From the great enigma: new collected poems
Translated by Robin Fulton
The Outpost by Tomas Tranströmer
I’m ordered out to a heap of stones
like a distinguished corpse from the Iron Age.
The others are back in the tent sleeping
stretched out like spokes in a wheel.
In the tent the stove rules: a big snake
that has swallowed a ball of fire and hisses.
But out in the spring night it is silent
among cold stones waiting for day.
Out in the cold I begin to fly
like a shaman, I fly to her body
with its white marks from her bikini –
we were out in the sun. The moss was warm.
I flit over warm moments
but can’t stop for long.
They’re whistling me back through space –
I crawl out from the stones. Here and now.
Mission: to be where I am.
Even in that ridiculous, deadly serious
role – I am the place
Where creation is working itself out.
Daybreak, the sparse tree trunks
are coloured now, the frostbitten
spring flowers form a silent search party
for someone who has vanished in the dark.
But to be where I am. And to wait.
I am anxious, stubborn, confused.
Coming events, they’re here already!
I know it. They’re outside:
a murmuring crowd outside the gate.
They can pass only one by one.
They want in. Why? They’re coming
one by one. I am the turnstile.
We are surrounded by the white noise of words these days.
As much as I hear, there is more to be heard.
As much as I read, there is more to be read.
So to stumble upon a poem that you can see, and feel, and offer an unconditional home in your soul is like finding an enduring, if challenging, friendship on life’s journey.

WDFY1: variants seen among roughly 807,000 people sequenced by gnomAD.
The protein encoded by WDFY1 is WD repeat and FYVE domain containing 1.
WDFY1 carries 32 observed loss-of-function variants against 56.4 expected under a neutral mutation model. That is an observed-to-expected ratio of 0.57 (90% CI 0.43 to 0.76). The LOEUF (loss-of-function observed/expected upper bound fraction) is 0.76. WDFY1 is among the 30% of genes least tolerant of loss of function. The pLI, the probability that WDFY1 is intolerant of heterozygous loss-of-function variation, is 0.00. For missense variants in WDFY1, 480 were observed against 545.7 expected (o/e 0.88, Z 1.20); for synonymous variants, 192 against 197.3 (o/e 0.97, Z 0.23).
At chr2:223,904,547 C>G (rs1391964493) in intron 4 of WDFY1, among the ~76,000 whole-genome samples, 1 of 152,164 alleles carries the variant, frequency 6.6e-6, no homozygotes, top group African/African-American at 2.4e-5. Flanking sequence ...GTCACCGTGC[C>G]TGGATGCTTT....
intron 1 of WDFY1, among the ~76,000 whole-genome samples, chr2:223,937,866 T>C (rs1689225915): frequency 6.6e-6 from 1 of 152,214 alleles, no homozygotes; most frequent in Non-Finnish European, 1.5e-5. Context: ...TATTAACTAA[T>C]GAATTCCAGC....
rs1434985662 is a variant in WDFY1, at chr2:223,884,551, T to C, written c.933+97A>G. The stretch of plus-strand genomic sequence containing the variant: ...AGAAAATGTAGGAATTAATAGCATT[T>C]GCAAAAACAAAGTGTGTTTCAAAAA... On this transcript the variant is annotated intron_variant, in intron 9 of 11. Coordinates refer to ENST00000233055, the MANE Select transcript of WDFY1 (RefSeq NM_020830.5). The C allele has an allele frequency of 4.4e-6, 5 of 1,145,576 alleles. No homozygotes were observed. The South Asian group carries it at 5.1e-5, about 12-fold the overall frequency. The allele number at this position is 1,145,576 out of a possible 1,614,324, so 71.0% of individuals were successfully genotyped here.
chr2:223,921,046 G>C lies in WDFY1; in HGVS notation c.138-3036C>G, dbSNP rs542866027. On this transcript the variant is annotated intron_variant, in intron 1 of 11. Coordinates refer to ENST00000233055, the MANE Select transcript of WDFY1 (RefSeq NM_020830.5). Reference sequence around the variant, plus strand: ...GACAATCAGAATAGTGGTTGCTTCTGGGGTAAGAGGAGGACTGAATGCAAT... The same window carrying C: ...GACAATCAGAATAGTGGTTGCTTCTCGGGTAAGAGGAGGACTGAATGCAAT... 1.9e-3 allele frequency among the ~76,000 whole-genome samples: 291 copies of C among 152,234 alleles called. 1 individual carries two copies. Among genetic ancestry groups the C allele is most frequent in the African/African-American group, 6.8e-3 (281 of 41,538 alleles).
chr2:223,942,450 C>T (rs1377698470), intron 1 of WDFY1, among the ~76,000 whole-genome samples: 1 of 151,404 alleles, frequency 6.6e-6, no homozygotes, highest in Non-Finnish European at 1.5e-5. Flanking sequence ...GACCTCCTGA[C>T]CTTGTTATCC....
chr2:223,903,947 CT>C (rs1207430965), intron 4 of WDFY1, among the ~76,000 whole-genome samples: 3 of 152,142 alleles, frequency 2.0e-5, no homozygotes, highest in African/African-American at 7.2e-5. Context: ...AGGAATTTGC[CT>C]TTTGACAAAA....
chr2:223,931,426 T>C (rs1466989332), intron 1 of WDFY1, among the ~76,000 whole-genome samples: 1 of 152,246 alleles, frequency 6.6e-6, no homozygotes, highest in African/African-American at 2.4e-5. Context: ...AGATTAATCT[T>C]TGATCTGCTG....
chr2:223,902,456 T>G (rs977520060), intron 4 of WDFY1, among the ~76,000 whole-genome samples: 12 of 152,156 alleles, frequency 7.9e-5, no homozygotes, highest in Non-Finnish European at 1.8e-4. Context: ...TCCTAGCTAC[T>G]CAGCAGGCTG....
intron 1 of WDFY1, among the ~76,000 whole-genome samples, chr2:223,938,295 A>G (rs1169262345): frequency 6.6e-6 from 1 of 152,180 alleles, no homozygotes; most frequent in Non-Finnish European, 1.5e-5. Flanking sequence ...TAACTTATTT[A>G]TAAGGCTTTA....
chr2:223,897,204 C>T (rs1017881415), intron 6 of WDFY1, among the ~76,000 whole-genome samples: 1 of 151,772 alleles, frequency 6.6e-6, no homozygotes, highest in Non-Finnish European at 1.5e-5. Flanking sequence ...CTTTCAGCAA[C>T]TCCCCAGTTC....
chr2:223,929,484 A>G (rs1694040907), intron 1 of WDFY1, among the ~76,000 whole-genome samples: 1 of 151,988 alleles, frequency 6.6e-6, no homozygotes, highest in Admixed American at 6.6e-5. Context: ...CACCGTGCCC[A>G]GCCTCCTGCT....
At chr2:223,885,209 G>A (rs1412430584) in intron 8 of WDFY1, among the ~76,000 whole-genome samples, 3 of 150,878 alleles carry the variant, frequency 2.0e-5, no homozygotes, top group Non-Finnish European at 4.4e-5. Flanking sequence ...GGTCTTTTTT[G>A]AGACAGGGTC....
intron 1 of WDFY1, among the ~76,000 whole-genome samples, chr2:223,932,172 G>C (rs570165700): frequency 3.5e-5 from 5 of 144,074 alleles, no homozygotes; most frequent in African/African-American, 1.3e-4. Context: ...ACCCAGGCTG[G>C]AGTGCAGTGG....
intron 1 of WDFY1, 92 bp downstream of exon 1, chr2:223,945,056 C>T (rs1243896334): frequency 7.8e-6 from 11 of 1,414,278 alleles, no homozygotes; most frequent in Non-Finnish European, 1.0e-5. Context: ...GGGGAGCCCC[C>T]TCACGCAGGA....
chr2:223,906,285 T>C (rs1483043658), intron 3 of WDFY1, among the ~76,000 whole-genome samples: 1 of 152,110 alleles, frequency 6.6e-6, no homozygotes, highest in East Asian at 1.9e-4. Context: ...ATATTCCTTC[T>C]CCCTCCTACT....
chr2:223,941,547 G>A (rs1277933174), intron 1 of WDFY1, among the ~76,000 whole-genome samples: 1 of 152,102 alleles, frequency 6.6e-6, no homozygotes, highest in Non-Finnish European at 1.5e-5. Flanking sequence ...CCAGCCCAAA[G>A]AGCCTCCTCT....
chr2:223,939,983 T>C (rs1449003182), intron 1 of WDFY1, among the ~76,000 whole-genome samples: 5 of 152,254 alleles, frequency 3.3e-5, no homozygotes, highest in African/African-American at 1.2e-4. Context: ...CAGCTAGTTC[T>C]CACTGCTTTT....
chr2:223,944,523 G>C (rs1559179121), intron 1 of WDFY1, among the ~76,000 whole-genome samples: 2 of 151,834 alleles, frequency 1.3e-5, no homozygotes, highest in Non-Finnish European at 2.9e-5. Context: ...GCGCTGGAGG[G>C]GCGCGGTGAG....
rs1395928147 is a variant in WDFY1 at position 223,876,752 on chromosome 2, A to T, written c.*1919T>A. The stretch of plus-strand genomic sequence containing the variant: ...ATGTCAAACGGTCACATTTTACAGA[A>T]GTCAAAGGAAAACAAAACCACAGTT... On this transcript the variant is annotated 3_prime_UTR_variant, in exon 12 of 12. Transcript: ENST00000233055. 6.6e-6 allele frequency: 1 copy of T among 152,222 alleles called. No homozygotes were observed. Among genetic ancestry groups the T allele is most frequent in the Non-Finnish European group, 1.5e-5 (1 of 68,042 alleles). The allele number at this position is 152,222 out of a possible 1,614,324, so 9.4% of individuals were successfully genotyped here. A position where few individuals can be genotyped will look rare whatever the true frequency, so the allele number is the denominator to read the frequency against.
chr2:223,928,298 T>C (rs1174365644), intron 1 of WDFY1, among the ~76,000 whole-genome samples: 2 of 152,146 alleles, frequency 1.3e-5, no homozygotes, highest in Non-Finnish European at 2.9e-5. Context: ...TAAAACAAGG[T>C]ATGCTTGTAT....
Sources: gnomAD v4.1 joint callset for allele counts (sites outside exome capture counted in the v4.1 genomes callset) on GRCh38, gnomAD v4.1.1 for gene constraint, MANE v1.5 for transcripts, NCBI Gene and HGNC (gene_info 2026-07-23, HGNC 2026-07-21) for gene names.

Stories, books, they leave only fading impressions as time passes; maybe the odd leitmotif lodges itself in your consciousness. You might re-read a book to remind yourself of the story, and of yourself.
But a poem that resonates is an instant passion. Like an arrow through your heart, or ‘an ever-fixed mark’, to quote Shakespeare. Here’s one such from the Swedish poet Tomas Tranströmer who many may never have heard of before yesterday (including me) when he won the Nobel Prize for literature.
A google around finds his work described as that which ‘barrels into the void’, a phrase I find profoundly reassuring. That his poetry has this quality doesn’t seem a surprise when you learn he was a psychologist working in prisons for much of his professional life.
Whatever, he’s got my attention alright.
This, from ’20 Poems’ by Tomas Tranströmer, translated by Robert Bly, Seventies Press (1970)
After A Death
Once there was a shock
that left behind a long, shimmering comet tail.
It keeps us inside. It makes the TV pictures snowy.
It settles in cold drops on the telephone wires.
One can still go slowly on skis in the winter sun
through brush where a few leaves hang on.
They resemble pages torn from old telephone directories.
Names swallowed by the cold.
It is still beautiful to feel the heart beat
but often the shadow seems more real than the body.
The samurai looks insignificant
beside his armour of black dragon scales.